I’m not sure if we do cultural criticism on Hammyend, but I was surprised by a good friend over the weekend with a ticket to see James Graham’s latest play, Dear England, at the National Theatre in London. I couldn’t find a theatre review in our extensive archive but given that our tag line is writing about Fulham and football from the home end of Craven Cottage, I felt it worth sharing my thoughts on this play which takes its inspiration from the waistcoast-wearing accidental England manager, who has become a bit of a national treasure.

Southgate himself insisted that it would ‘be a bit weird’ were he to watch a play that apparently had its genesis in an article that he penned to the country ahead of the European Championships. Graham, a renowned playwright with a penchant for putting his own personal touch to well-known stories – like This House, which covered the shenanigans in the whips’ offices of the Labour and Conservative parties in Westminster before the vote of no-confidence in James Callaghan’s government, feels passionately that working-class footballers deserve our admiration rather than ridicule and this play has already resonated with its audience given the buzz of expectation before the curtain rises.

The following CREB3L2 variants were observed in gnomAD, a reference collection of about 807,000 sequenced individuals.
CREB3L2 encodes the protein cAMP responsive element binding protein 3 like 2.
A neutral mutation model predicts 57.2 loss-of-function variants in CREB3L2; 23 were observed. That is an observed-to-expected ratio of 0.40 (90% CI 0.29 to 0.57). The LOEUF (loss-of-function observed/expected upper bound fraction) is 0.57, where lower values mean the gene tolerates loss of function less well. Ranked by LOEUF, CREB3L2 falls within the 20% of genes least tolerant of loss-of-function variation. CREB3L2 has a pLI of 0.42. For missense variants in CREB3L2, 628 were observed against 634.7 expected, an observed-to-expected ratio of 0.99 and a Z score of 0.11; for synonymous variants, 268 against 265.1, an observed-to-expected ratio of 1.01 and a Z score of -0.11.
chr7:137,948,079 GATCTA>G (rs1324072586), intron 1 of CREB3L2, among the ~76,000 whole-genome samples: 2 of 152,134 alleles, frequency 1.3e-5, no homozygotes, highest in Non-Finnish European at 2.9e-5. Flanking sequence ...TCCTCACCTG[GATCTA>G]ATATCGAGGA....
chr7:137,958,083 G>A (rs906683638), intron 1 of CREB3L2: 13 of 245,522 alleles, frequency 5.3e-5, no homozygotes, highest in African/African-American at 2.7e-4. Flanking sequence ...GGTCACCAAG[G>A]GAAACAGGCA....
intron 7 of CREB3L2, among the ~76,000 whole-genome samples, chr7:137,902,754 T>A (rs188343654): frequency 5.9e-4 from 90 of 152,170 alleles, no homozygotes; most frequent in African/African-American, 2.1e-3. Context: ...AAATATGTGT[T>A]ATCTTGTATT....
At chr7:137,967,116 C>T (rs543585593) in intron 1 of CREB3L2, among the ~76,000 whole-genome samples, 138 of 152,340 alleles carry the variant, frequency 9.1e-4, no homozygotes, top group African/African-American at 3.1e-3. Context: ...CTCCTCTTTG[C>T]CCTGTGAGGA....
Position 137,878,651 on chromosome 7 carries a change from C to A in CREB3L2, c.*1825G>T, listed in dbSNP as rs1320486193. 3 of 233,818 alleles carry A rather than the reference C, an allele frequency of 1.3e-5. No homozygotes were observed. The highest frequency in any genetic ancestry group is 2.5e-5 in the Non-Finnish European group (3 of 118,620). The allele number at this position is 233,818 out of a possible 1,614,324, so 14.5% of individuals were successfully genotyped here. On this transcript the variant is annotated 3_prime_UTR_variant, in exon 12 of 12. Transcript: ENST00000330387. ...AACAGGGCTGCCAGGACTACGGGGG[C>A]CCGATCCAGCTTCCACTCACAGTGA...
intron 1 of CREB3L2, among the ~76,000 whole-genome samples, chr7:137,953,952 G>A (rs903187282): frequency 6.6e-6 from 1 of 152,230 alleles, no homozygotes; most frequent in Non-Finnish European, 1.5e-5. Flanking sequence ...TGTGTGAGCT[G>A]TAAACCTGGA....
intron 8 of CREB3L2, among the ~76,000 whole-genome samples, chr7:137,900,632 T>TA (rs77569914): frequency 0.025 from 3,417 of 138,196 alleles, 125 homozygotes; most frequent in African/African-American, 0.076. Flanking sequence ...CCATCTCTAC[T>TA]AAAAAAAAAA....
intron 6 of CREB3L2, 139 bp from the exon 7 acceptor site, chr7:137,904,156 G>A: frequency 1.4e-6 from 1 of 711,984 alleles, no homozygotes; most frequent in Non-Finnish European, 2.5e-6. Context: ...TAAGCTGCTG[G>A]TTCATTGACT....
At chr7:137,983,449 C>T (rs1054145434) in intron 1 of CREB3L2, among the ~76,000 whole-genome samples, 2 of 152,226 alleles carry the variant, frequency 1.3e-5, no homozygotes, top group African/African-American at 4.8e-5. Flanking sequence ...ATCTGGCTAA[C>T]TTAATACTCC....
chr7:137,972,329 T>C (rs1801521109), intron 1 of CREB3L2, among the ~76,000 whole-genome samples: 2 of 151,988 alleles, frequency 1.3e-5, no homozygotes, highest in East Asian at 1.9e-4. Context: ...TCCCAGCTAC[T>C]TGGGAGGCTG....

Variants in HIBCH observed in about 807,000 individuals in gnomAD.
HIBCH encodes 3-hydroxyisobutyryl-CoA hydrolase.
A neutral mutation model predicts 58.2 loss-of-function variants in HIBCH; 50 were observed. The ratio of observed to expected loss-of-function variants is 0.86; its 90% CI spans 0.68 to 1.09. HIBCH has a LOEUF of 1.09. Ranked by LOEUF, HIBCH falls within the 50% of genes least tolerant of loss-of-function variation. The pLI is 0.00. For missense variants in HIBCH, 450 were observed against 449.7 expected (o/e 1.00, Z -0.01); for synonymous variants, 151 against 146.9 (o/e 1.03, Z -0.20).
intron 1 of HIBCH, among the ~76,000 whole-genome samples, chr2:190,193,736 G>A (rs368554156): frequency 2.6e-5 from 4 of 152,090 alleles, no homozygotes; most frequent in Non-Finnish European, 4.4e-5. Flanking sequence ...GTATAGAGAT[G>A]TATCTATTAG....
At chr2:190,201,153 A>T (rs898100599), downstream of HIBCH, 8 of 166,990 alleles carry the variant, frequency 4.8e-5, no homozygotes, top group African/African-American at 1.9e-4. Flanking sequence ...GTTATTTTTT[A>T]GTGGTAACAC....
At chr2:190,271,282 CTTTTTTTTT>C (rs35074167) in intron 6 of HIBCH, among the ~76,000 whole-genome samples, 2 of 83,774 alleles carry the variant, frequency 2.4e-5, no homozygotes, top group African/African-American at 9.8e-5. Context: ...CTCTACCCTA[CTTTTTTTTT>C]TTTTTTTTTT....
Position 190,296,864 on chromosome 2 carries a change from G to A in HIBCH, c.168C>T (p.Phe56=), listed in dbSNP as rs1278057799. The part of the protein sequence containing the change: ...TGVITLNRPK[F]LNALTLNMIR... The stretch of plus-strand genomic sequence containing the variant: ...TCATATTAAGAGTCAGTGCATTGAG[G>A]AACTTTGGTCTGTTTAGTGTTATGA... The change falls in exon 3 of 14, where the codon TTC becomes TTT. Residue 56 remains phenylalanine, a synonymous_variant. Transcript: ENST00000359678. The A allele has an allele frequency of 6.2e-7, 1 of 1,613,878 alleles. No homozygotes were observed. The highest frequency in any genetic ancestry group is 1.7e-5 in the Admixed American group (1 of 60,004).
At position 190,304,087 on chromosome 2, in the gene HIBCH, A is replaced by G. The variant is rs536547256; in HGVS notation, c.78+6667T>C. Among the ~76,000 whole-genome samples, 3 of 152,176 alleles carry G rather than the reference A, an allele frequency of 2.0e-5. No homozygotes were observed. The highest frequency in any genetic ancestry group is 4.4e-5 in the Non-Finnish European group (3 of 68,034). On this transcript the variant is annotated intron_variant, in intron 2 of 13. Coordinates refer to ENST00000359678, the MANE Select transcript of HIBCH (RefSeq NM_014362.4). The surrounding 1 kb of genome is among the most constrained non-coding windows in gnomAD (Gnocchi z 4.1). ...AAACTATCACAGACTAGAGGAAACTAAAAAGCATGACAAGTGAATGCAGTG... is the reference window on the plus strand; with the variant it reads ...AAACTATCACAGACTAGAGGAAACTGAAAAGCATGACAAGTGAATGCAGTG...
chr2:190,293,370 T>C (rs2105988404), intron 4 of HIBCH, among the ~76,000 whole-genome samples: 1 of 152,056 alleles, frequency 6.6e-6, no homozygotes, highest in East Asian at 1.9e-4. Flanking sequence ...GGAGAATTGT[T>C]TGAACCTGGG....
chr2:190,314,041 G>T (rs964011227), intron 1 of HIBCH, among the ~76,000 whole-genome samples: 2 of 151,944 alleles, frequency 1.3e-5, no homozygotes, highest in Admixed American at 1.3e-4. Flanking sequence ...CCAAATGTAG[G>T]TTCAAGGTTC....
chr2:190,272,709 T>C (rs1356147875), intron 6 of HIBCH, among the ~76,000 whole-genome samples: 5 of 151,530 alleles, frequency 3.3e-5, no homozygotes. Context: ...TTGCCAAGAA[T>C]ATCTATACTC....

No reader of this website needs to told the story of how Southgate turned round a failing England side and delivered them to without touching distance of the World Cup final in Russia before experiencing penalty-shoot out heartbreak against Italy at Wembley in the rescheduled Euro 2020 final. The England coach is wonderfully played by Joseph Fiennes and the characters of Harry Kane (Will Close), Jordan Pickford (Josh Barrow) and Marcus Rashford (Darragh Hand) shine through, whilst Southgate’s controversial psychologist Pippa Grange is captured brilliantly by Gina McKee.

The set design and direction is exceptional, building anticipation through the way our stadium looms into view, and even if the cameos of Boris Johnson feel a little overdone and the references to the Lionesses’ success only serve to prompt thoughts of how well that story would fit the theatre, it is an absorbing effort. Any football fan would enjoy watching this, but there’s plenty to appeal to those who aren’t as enraptured by the beautiful game, beginning with the burst of optimism that this three-hour epic leaves you with. That’s so important in these tough times – as Southgate referenced in his Players’ Tribute piece back in 2021.

Dear England is at the Olivier at the National Theatre in London until August 11. You buy tickets here